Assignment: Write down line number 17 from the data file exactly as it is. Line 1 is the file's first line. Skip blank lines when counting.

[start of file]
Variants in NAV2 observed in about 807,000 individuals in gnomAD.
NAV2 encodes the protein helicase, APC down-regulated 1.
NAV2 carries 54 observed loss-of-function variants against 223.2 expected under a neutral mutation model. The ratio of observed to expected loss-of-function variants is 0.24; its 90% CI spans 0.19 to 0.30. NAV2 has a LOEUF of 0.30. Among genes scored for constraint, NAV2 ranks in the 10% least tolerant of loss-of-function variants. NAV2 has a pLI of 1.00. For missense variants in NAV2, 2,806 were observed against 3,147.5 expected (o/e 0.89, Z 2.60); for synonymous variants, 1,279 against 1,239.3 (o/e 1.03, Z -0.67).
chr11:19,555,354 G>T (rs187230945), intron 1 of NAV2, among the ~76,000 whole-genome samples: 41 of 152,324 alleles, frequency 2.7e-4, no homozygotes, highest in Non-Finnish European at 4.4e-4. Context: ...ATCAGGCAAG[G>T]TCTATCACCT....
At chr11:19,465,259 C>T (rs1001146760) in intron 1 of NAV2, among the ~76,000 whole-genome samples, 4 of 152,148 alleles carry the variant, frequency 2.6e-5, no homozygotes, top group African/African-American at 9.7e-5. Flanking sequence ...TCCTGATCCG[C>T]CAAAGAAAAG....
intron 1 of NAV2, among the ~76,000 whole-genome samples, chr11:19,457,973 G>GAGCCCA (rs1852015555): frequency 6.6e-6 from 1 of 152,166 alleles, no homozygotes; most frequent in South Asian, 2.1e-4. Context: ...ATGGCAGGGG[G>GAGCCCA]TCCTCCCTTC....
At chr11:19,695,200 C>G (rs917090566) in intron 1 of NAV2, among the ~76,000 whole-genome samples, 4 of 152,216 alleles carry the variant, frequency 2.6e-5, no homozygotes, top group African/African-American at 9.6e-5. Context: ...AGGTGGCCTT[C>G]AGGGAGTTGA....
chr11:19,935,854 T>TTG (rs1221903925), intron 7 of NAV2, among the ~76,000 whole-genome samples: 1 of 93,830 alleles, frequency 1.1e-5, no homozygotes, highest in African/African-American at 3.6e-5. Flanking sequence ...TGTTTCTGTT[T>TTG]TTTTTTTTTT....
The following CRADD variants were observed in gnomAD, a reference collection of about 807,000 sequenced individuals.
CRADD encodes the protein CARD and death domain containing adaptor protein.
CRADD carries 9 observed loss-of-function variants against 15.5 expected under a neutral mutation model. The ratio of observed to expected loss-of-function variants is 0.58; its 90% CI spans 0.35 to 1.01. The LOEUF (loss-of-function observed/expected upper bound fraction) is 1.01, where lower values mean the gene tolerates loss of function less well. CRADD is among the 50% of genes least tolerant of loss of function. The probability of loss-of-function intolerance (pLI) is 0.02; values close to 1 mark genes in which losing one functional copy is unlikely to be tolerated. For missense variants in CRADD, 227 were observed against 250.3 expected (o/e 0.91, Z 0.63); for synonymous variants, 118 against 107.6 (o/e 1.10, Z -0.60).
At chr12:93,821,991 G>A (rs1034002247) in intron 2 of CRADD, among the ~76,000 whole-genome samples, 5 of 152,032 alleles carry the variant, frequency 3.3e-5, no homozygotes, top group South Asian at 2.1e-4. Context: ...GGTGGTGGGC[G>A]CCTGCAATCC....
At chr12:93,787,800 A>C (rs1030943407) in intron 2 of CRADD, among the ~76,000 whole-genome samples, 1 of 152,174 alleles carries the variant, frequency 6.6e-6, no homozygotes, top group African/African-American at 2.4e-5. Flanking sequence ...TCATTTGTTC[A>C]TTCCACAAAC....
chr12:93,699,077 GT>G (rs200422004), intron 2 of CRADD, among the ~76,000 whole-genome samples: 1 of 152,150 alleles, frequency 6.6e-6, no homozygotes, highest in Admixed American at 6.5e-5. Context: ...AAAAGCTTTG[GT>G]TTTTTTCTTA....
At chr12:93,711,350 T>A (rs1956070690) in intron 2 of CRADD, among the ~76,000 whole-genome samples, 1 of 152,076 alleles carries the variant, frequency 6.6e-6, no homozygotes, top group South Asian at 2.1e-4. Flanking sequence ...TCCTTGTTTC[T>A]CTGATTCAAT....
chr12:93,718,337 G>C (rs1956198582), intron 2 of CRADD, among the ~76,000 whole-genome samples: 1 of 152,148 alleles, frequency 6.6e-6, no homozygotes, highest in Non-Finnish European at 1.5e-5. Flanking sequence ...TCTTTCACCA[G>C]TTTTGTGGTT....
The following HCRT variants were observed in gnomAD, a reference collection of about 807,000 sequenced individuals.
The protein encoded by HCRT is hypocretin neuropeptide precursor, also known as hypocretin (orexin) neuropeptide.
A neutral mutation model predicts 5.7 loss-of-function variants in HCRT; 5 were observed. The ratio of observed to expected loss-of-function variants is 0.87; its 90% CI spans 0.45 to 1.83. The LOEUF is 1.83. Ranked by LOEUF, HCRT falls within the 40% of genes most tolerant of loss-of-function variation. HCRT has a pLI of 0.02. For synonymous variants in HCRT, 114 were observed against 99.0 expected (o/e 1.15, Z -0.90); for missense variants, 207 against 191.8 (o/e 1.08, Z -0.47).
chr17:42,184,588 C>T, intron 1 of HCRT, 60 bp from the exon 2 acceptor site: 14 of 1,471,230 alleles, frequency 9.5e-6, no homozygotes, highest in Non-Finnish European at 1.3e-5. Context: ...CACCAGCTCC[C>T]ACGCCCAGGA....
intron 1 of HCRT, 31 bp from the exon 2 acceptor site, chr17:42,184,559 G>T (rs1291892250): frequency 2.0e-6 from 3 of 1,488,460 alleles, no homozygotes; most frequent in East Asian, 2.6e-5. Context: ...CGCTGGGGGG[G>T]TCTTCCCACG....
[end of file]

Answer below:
The following HCRT variants were observed in gnomAD, a reference collection of about 807,000 sequenced individuals.